Construction of the steel water tank/reservoir that is being erected on Jost Van Dyke is nearly complete.
Once construction is completed, this new reservoir will have a capacity of up to 28 feet of water.
In explaining how the capacity of the tank will arrive at 28 feet, the Department of Water & Sewerage explained: “Additional blue panels would be added to the body of the tank to heighten the tank/make it taller.”
The department added: “A bypass would be installed, and this would provide the flexibility to provide service to customers regardless of what happens to the tank. We are rebuilding with resilience in mind.”
No specific timeline has been given as to when the construction will be completed. But, currently, the roofing of the structure is being installed, the Water & Sewerage department said.
Jost Van Dyke residents have been without a reservoir since the September 2017 disasters destroyed the sole reservoir on the island.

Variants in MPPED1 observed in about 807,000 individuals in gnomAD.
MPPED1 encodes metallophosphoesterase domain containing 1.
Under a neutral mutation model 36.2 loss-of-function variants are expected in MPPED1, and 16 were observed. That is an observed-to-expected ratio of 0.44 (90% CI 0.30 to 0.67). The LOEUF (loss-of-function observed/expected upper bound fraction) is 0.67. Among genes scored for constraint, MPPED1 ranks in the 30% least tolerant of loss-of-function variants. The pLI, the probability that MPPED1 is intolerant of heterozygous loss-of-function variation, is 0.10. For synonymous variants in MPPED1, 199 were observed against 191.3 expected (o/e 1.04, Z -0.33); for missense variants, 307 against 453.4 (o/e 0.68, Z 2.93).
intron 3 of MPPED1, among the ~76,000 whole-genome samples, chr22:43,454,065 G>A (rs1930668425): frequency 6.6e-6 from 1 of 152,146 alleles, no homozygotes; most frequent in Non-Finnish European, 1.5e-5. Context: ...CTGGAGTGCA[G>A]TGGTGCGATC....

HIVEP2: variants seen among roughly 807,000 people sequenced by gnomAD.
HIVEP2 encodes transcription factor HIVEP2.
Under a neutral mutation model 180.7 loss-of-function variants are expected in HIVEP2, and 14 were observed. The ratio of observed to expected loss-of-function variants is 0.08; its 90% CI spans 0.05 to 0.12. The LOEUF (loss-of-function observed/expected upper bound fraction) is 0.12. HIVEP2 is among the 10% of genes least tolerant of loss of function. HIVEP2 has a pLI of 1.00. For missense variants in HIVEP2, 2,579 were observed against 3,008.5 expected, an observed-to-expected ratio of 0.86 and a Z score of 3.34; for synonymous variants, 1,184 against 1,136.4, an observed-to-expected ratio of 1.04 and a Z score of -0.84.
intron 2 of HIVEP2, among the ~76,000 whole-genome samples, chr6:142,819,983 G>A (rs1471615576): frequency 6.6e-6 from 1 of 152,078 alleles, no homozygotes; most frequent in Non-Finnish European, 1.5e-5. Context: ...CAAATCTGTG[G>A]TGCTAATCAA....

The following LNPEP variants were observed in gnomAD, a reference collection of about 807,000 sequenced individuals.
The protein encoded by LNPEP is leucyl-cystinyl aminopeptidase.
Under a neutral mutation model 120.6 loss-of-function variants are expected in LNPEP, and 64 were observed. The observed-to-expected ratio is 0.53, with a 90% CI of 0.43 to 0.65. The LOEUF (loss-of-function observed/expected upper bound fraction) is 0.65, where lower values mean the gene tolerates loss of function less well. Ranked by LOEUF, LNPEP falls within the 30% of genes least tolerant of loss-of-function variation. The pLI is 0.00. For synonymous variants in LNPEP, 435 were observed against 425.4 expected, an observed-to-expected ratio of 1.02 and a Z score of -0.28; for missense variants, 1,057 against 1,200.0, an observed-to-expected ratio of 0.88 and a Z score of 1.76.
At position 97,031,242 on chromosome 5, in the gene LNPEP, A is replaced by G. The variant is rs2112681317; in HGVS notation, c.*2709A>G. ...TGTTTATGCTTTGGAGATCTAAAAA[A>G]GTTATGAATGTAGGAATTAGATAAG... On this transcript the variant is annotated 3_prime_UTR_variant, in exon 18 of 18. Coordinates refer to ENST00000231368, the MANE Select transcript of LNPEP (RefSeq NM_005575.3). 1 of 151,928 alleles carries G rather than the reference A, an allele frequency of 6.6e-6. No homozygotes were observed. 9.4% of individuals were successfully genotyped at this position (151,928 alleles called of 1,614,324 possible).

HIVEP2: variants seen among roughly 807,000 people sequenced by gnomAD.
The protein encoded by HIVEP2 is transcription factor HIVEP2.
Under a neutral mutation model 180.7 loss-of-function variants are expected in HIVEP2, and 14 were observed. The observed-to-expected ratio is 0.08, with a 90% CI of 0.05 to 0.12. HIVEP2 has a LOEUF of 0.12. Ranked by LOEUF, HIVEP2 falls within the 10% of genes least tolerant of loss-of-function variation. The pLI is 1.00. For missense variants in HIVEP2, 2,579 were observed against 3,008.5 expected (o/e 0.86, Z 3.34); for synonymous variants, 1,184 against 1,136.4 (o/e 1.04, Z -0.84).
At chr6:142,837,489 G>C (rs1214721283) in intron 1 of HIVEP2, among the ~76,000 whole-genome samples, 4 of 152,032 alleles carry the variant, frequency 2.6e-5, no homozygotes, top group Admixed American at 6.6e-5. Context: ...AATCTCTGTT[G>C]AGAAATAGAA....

Deputy Permanent Secretary in the Ministry of Communication and Works Jeremy Hodge had told BVI News months ago that a resident on the island had agreed to allow his personal cisterns to be used to pump water to the rest of the island, in the interim.
Reservoir repair and restoration projects, which are being undergone on reservoirs across various sections of the territory, is a joint partnership between the BVI and the United Kingdom.
The BVI is paying roughly $150,000, which will go towards a part of the labour cost, while the UK would cover the remaining cost, which has not been divulged.
Hodge had however noted that some of the reservoirs can cost up to a million dollars each. The work is being undertaken by a seven-man team from Florida Aqua Store.
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